Atrial fibrillation (AFib) is the most common type of irregular heartbeat (or arrhythmia) in the US, affecting an estimated 2.7 million to 6.1 million people. When a person has AFib, his or her heart can beat too slowly, too fast, or in an irregular rhythm. When this happens, blood doesn’t flow the way it should from the upper chambers of the heart (called the atria) to the lower chambers (called the ventricles). This increases a person’s risk for having a stroke.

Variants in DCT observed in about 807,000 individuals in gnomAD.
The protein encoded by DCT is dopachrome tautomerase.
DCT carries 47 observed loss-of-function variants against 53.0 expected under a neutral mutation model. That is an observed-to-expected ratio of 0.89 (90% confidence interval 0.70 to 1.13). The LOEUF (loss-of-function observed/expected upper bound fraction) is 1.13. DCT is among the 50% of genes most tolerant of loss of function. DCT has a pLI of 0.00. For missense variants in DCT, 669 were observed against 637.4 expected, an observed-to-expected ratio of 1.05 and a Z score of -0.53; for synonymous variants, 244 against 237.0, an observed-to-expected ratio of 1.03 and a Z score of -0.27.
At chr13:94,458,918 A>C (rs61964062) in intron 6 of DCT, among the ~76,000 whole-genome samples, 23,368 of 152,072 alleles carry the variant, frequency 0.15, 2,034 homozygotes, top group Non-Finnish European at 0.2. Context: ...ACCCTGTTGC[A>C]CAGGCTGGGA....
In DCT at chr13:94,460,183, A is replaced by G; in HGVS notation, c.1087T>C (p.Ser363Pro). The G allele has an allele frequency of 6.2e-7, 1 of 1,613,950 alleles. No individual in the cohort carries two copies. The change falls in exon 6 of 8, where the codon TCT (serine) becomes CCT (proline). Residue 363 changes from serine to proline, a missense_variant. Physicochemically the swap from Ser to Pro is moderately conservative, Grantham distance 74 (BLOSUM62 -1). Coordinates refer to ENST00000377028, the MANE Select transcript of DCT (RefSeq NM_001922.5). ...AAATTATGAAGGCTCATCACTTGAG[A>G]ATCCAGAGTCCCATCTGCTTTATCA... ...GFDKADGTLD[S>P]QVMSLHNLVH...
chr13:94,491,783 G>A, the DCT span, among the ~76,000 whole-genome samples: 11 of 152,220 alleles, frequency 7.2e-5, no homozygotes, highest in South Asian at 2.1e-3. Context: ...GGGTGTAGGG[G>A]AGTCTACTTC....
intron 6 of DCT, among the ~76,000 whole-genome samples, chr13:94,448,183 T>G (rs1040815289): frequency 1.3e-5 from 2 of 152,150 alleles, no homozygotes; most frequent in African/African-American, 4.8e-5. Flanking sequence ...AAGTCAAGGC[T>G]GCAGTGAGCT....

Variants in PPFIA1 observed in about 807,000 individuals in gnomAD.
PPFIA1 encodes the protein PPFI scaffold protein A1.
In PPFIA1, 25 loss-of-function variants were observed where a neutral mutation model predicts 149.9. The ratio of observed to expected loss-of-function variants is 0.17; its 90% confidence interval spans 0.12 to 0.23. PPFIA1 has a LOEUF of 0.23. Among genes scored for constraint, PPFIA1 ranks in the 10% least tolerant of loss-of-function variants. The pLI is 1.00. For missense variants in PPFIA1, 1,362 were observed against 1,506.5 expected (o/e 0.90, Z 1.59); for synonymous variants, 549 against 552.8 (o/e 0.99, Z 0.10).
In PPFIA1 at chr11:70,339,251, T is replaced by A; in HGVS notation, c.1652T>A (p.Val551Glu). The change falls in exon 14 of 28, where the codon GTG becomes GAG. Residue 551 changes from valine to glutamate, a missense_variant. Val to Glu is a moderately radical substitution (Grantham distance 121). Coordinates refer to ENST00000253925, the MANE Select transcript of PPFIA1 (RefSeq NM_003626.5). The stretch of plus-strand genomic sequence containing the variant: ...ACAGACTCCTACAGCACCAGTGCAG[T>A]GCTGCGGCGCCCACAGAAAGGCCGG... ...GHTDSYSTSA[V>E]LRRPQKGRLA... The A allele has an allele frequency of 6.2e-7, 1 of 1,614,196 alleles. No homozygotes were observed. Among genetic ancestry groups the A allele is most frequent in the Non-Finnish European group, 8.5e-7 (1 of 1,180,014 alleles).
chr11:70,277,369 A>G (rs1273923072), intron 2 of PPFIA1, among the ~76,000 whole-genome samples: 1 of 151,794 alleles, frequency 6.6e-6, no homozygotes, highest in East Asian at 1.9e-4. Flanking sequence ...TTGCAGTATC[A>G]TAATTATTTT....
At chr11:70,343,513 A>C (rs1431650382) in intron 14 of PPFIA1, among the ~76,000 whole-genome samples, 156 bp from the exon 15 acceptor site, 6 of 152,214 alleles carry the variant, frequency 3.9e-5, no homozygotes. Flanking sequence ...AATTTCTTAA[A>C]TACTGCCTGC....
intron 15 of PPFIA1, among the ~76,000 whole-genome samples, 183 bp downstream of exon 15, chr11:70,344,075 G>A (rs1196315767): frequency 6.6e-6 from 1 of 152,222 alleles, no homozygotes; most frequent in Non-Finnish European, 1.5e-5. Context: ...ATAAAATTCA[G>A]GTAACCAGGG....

Learn more about AFib and the risk of stroke below, then talk with your healthcare provider to learn more about what you can do to help manage it.
George H. Sands, MD, FAAN, FAHA is a Senior Medical Director in U.S. Medical Affairs for Cardiovascular and Metabolic Diseases at Pfizer.